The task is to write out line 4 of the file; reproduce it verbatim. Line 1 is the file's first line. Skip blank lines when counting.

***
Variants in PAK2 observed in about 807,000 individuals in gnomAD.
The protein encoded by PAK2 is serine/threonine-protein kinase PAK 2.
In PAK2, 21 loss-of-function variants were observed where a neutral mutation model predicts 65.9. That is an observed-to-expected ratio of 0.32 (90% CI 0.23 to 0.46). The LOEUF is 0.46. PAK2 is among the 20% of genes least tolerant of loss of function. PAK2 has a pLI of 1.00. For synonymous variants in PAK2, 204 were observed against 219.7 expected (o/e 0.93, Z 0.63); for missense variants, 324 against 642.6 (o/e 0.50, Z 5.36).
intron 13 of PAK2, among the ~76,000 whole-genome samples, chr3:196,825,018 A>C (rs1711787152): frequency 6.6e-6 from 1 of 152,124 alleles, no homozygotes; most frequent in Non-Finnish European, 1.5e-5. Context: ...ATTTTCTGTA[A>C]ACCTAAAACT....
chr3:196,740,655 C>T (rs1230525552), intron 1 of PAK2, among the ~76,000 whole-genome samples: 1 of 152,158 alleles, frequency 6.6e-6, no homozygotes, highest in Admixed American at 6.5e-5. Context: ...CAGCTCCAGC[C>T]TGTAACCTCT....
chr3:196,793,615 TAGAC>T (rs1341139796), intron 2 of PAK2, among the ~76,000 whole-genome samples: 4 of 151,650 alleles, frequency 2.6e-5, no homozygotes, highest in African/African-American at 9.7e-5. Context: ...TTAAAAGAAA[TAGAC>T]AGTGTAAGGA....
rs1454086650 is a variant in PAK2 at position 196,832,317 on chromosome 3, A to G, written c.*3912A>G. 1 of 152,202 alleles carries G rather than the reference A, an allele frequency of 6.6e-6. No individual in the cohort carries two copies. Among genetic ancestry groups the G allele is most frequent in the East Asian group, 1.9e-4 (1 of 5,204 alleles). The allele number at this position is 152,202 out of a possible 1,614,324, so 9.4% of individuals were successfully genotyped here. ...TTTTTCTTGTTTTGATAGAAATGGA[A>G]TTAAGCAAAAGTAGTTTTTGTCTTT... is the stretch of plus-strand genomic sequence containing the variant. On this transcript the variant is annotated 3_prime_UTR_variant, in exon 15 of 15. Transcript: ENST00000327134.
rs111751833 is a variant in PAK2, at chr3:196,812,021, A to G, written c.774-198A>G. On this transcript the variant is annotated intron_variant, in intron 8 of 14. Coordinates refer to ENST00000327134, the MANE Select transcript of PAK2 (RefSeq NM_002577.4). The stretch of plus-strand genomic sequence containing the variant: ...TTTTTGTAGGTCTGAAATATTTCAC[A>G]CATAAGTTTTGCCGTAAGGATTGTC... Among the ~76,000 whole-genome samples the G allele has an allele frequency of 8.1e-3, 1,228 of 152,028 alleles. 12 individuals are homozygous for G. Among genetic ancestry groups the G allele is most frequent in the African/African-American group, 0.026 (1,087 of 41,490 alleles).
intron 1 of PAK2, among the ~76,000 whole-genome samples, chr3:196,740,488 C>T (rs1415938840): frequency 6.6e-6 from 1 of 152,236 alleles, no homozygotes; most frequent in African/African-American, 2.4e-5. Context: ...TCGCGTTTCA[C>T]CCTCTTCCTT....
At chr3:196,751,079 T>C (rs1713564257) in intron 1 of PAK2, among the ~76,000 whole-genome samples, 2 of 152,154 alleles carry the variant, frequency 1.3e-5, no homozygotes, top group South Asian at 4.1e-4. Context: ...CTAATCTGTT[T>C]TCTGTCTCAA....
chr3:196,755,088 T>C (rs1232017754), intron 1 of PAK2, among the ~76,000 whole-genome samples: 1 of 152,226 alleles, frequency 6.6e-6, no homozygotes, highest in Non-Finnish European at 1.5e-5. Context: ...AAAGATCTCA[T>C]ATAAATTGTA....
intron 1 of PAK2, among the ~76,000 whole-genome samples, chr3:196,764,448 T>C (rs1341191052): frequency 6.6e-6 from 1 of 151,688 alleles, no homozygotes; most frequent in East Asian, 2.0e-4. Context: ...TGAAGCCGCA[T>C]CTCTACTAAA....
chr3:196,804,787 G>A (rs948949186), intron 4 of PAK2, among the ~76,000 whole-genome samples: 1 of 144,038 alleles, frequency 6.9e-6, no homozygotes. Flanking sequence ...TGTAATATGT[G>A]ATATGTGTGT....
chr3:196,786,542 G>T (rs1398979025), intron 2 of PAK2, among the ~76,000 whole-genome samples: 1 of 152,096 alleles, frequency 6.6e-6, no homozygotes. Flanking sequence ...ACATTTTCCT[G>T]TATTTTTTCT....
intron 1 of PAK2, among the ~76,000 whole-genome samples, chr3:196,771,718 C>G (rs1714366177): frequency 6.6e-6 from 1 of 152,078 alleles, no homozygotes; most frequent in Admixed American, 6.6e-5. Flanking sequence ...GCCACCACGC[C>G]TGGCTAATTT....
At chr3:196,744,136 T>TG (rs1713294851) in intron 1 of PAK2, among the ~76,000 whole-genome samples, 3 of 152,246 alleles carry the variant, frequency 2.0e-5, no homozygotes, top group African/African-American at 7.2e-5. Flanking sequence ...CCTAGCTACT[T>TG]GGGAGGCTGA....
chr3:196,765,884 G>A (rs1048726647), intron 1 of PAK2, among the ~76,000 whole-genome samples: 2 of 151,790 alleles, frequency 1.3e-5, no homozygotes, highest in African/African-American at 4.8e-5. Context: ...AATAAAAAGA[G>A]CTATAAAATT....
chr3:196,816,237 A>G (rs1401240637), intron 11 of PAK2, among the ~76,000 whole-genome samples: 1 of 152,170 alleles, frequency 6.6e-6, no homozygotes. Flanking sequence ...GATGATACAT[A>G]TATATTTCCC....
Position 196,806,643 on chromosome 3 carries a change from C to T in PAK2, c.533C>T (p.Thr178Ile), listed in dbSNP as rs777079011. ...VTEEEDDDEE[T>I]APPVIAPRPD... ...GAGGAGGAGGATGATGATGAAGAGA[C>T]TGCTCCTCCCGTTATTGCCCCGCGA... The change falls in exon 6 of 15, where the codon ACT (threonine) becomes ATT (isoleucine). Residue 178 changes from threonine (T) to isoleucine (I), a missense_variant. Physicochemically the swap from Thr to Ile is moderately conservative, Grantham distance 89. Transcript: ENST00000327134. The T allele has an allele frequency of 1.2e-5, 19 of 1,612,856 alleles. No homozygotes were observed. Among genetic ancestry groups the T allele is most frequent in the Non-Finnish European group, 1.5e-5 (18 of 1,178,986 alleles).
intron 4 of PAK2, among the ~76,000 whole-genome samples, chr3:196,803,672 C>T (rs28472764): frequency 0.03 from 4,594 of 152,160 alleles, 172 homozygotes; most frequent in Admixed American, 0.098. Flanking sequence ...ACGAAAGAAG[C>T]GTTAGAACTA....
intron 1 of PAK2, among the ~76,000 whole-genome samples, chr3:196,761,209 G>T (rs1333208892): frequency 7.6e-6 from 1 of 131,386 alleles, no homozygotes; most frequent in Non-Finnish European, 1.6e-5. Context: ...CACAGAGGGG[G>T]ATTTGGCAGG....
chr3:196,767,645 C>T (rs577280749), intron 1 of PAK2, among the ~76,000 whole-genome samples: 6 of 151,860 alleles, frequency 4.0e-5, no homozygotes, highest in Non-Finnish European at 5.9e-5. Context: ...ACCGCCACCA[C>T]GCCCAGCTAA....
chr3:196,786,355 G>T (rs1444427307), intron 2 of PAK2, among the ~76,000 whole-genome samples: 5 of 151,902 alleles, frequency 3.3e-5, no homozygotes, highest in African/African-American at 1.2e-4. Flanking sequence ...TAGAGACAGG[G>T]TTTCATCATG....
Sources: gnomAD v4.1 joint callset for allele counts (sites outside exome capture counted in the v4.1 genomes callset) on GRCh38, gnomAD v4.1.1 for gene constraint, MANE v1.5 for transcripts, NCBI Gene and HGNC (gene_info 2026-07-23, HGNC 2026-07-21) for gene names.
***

intron 13 of PAK2, among the ~76,000 whole-genome samples, chr3:196,825,018 A>C (rs1711787152): frequency 6.6e-6 from 1 of 152,124 alleles, no homozygotes; most frequent in Non-Finnish European, 1.5e-5. Context: ...ATTTTCTGTA[A>C]ACCTAAAACT....